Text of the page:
Conflicting Massacre Allegations Emerge in Ukraine

Ukraine and Russia have both accused each other of being responsible for the apparent massacre that took place in the Ukrainian town of Bucha last week. Neither government is an especially reliable source and each of the competing stories has significant problems. If the massacre really was carried out by retreating Russian forces then it would likely be the worst war crime observed in the conflict so far, though very little has been independently confirmed at this point.

Russian troops allegedly slaughtered civilians before retreating

The Ukrainian side of the story holds that Russians went on a murderous rampage through Bucha before they retreated as part of the general Russian withdrawal from around Kiev.

Advancing Ukrainian forces retook the town and discovered as many as several hundred bodies, some of them with their hands tied behind their backs and with single gunshots to the head.

The Ukrainian explanation is obviously stronger than the Russian narrative at the moment, but there are some glaring issues which leave enough room for doubt before making any conclusions.

The mayor of Bucha announced the liberation of the town on March 31, while the videos and reports of the massacre emerged on April  2 well after Ukrainian troops retook the area.

This does not disprove the Ukrainian narrative, but it is strange that there was be such a delay and that the mayor did not immediately mention the shocking scenes encountered in Bucha.

The Ukrainians may have been keeping the story quiet while they collected evidence and pieced together what happened, but this would be a drastic change in behavior given that Kiev has not hesitated to publicize any other alleged war crimes.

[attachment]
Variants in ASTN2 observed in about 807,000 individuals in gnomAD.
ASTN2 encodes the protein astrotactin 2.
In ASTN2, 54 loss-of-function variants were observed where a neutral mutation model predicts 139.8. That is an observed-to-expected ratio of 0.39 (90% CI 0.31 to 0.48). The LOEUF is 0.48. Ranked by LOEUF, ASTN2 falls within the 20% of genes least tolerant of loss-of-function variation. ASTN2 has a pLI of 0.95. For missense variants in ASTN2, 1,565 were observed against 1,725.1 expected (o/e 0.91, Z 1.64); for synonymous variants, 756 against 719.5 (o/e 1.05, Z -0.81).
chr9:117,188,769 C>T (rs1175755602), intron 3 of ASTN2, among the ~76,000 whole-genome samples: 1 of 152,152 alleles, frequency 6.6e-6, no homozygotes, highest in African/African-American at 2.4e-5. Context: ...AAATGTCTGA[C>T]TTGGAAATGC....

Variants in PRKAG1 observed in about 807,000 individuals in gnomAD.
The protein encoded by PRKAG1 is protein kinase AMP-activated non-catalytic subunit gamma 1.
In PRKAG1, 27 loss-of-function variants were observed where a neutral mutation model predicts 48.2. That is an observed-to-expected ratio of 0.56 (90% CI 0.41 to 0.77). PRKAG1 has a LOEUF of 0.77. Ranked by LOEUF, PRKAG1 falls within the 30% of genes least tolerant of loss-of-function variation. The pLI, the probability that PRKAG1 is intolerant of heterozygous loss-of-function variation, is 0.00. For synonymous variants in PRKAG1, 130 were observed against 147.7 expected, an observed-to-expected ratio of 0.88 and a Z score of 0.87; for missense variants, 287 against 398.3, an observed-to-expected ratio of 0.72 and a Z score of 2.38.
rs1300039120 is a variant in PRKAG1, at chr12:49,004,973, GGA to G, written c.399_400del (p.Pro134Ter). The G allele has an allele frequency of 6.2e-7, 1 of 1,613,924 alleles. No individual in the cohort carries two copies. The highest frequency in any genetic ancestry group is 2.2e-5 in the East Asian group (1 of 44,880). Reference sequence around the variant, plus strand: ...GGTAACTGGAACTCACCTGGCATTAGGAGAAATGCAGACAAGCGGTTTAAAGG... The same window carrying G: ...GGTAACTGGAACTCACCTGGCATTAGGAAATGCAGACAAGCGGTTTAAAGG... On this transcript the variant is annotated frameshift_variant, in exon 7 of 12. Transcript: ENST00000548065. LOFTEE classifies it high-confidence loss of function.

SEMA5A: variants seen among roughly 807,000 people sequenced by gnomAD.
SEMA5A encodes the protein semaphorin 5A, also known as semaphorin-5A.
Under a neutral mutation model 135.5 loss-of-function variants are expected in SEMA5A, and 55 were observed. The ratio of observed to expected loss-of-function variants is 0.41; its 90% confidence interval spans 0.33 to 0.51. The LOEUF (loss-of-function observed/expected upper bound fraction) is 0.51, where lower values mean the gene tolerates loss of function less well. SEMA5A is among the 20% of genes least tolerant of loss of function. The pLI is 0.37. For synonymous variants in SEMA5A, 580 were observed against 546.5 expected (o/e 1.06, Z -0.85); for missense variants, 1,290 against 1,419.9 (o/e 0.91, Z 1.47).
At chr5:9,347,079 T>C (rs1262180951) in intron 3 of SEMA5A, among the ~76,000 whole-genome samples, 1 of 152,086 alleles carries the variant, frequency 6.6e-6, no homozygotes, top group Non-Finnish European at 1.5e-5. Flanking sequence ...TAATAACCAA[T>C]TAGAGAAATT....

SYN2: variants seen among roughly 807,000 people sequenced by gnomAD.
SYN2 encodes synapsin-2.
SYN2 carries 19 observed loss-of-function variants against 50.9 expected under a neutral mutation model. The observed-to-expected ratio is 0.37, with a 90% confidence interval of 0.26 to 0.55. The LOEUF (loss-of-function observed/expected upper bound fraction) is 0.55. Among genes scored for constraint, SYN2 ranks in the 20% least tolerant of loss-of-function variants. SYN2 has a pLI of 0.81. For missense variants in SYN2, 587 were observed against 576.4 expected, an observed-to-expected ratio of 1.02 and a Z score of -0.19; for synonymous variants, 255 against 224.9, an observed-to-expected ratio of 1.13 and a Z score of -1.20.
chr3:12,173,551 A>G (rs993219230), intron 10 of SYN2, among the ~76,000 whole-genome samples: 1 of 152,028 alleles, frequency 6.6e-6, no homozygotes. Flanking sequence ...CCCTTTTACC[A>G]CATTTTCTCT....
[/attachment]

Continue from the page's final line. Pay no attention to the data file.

Russia denies carrying out Bucha massacre

The victims themselves appear to have been primarily men and footage shows  many of them somewhat awkwardly spread around the streets of Bucha, perhaps having been shot while attempting to flee.

Russia does not seem to have settled on an entirely coherent narrative yet, but Moscow is strongly denying Ukrainian claims about the Bucha massacre and has attempted to bring the matter before the United Nations Security Council to present its side of the story.

That story claims that Russian troops retreated from the area on March 30, and that they did so in a hurry and would have had neither the time nor the motive to round up and kill civilians.

This is somewhat flimsy, as no one knows when the killings took place exactly and massacres have taken place with no reasonable motives in other wars, My Lai in Vietnam being one notorious example.

On the other hand, Ukrainian special forces and military police units did enter the town before the footage emerged; they were officially assigned to identify “saboteurs” and collaborators in addition to assembling evidence of war crimes.

A thorough and fully independent and nonbiased investigation is needed to establish what exactly happened in Bucha, but under present circumstances that seems depressingly unlikely.

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